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The page below is a sample from the LabCE course Autism Spectrum Disorders: Genetic Testing. Access the complete course and earn ASCLS P.A.C.E.-approved continuing education credits by subscribing online.

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Diagnosis of ASD

The diagnosis of ASD can be difficult since there are not specific recommendations for a medical test or tests to diagnose the disorder. An examination of the child’s behavior and development is typically employed to make a diagnosis. ASD can sometimes be detected at 18 months or younger. By age two, a diagnosis by an experienced professional can be considered very reliable. However, many children do not receive a final diagnosis until much older. This delay in early diagnosis may indicate that children with ASD might not get the early help they need.
Diagnostic and Statistical Manual of Mental Disorders (DSM-5) criteria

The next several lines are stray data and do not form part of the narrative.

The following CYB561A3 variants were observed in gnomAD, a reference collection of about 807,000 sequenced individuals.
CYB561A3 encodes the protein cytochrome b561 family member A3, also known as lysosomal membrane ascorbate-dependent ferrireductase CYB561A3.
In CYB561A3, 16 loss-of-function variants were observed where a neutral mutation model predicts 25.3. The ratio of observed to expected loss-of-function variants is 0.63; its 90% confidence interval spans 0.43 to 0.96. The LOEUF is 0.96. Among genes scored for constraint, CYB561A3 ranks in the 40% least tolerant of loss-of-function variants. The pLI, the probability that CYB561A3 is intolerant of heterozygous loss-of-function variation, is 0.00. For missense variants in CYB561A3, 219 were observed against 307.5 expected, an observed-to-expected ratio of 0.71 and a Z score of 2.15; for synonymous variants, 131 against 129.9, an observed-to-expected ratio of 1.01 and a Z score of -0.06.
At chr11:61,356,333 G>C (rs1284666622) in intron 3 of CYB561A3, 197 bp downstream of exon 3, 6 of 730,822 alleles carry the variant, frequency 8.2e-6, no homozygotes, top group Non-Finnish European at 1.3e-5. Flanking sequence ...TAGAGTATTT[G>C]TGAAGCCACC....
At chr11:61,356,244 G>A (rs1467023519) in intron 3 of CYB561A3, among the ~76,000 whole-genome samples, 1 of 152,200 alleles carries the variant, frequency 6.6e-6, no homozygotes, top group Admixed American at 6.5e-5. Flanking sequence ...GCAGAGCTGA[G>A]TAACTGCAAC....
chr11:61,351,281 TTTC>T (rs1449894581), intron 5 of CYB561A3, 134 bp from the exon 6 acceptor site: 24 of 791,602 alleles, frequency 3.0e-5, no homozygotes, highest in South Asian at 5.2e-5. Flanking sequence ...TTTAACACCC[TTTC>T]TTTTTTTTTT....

The diagnosis of ASD is usually made by a developmental or general pediatrician, neurologist, psychologist, psychiatrist, or another specialist. A clinician may make a diagnosis of ASD after observing the behavior and language of a child and using the DSM-5 criteria for their evaluation. Since there is not a clear-cut blood test or imaging study (eg, MRIs) that can diagnose the condition, the diagnosis is typically accomplished using a behavioral approach by observing the behavior and language skills of the individual.
The American Academy of Pediatrics (AAP) recommends that all children be screened for developmental delays and disabilities during regular well-child doctor visits at nine months, 18, and 30 months, or whenever a concern is expressed. Additional screening might be needed if a child is at high risk for developmental problems because of preterm birth or low birth weight or is at high risk because of having a sibling with an ASD or if symptoms are present. Autism-specific screening is recommended at ages 18 and 24 months.
In recent years, there is increasing interest and support for the use of genetic testing to assess ASD and other developmental delay disorders. With the improvement in technology, several major laboratories, university-based testing centers, and diagnostic companies have developed specific genetic tests and gene panels for assistance in the diagnosis of ASD. In the following sections, we will discuss in more detail specific genetic tests for the assessment of ASD.